• 1 Celso Garcia
    · Aug 18, 2010 at 7:37 pm

    If they want to publish teachers names and pictures in the paper they should also publish the srudents pictures with their parents along with anyone involved in that childs life. It takes a village to raise a child however family and community is not what it used to be. They should publish the often missing dads profile also.
    Since we want such an open society and these teachers do not deserve privacy then we should publish all executives pictures along with any failures start with BP , Enron, or any company with questionable practices or even the good companies publish each individuals failures
    (even if the failures are systemic and not individually their fault).
    The politicians in California must be happy they will find someone else to blame for their systemic failures. Should might as well put these teachers on a stage and throw tar and feathers on them. Now the children can say hey its my teachers fault I did not pass. Maybe you should put these teachers in a national database saying WANTED DEAD OR ALIVE these teachers caused students to fail. Now you see why other countries laugh at us because in their systems failure is a reflection on the honor of the family not the school or the teacher.
    Line up the pictures if all those who caused or may have caused rhe economic diwnturn. When your able to pin it down to certain individuals with 100 percent certainty let me know.
    Mao is an interesting person that uplifted China however also opressed many souls underneath the table. Look at China today moving up to #2 in the world economies but still ruling by fear. These forces are trying to rule teachers and the profession by fear. Ask lawyers, doctors, nurses , and all other to publish their clients results next to the professionals names and I am sure they would also object. Boycott the L.A. Times and send letters to let them knows teachers cannot be bullied for caring for those whom are neglected. We cannot be used as a ploy to sell papers for their dwindling newspaper sales.

  • 2 Tweets that mention Edwize » The Great Bourgeois Cultural Revolution: The Politics of Naming Names in the Service of a Market Vision of Education -- Topsy.com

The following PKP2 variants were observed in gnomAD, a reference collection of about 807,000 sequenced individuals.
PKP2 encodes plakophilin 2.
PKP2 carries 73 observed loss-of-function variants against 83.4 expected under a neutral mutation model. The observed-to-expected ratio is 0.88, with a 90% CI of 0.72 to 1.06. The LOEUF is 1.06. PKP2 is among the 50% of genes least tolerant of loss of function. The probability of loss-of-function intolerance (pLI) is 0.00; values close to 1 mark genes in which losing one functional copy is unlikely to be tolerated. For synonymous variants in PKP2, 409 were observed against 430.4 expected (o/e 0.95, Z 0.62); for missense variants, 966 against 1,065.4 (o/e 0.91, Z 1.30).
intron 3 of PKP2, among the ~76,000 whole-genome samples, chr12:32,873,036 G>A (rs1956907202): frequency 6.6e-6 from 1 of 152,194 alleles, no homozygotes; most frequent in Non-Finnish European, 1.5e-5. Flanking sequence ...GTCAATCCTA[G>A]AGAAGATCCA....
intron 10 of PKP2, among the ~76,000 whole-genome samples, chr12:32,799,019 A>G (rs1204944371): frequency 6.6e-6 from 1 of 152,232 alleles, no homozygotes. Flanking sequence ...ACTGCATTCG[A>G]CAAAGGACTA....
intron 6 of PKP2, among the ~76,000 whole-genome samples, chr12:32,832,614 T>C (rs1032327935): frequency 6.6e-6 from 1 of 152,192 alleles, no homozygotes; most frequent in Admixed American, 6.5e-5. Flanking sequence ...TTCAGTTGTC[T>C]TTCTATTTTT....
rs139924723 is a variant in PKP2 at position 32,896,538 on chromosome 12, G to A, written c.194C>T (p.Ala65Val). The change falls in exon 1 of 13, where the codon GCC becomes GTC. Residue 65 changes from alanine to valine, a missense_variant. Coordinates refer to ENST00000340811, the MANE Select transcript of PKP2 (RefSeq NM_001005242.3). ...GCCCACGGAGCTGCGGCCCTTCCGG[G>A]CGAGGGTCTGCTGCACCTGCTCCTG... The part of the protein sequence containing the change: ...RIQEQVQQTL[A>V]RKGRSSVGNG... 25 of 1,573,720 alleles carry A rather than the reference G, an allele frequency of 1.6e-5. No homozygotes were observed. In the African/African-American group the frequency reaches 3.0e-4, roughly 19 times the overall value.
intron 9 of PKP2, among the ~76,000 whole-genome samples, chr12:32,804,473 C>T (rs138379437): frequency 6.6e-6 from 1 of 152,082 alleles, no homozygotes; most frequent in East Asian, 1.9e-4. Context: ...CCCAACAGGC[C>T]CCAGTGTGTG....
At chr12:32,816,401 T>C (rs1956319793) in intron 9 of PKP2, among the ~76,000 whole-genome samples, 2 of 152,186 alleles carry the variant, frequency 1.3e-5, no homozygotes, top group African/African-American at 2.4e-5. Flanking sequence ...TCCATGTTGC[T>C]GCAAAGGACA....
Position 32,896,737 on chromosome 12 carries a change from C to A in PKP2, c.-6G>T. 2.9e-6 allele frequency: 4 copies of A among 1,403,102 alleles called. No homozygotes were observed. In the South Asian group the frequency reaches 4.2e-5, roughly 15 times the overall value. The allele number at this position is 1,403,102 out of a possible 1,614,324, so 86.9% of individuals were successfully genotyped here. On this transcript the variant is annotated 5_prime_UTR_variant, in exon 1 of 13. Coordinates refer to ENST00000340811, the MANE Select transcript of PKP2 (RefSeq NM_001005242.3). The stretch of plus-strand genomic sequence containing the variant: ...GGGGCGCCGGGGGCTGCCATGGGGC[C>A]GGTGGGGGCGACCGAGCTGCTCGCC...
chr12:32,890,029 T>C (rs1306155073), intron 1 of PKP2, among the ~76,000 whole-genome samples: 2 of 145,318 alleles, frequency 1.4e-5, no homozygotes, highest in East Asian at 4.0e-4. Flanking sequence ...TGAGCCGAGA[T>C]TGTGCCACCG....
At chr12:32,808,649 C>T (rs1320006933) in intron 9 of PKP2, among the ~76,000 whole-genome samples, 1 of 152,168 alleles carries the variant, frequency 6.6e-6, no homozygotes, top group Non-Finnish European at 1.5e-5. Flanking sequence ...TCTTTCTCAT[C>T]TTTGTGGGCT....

· Aug 18, 2010 at 9:55 pm

    […] This post was mentioned on Twitter by TeacherReality, 21stprincipal. 21stprincipal said: Arne Duncan cheerleads the LA Times. http://bit.ly/9tvHeb What a knucklehead! […]

  • 3 Akademos
    · Aug 18, 2010 at 10:12 pm

    Thank you, Leo.

    This extreme pressure on teachers to add value is stupid on the stupid face of it. The key problems in education are not underdeveloped teachers, though some of it involves teachers unable to work effectively in insane situations re resources, overcrowding, administrators, policies, etc. And, of course, there will always be the occasional incompetent or insubordinate teacher, but value-added nonsense is not the best way to weed them out. In fact, it may not work at all!

    The majority of the problems reside in overall school missions, methods, resources, curricula, and administrations; lack of parental involvement or family dysfunction; blighted communities and chronic student issues that affect focus, motivation, or self-perception.

    Yes, teachers are the main masters of adding value, but the real problems are the disaster areas in students’ lives. That’s when their learning stalls and skills fade. That’s what has to be fixed. And to suggest that it be fixed by making everyone a super-excellent teacher to double (or triple, if need be) the learning pace is unrealistic, unfair, and evasive. Plus, this whole value-added concept has some of inherent problems, besides our inability to accurately measure it. Ever heard of learning curves? Developing humans take them in different ways in different areas. Sometimes a major block, or steep bump, is natural, yet will require serious parental intervention, like a private tutor, when school intervention would be way too little, way too late.

    These deformers really undo themselves. This is very convincing of their lack of education.

  • 4 Ms. Cornelius
    · Aug 18, 2010 at 11:07 pm

    Gotcha journalism at its best… and it certainly does play into the convictions sold by the politicians that all public schools are failing.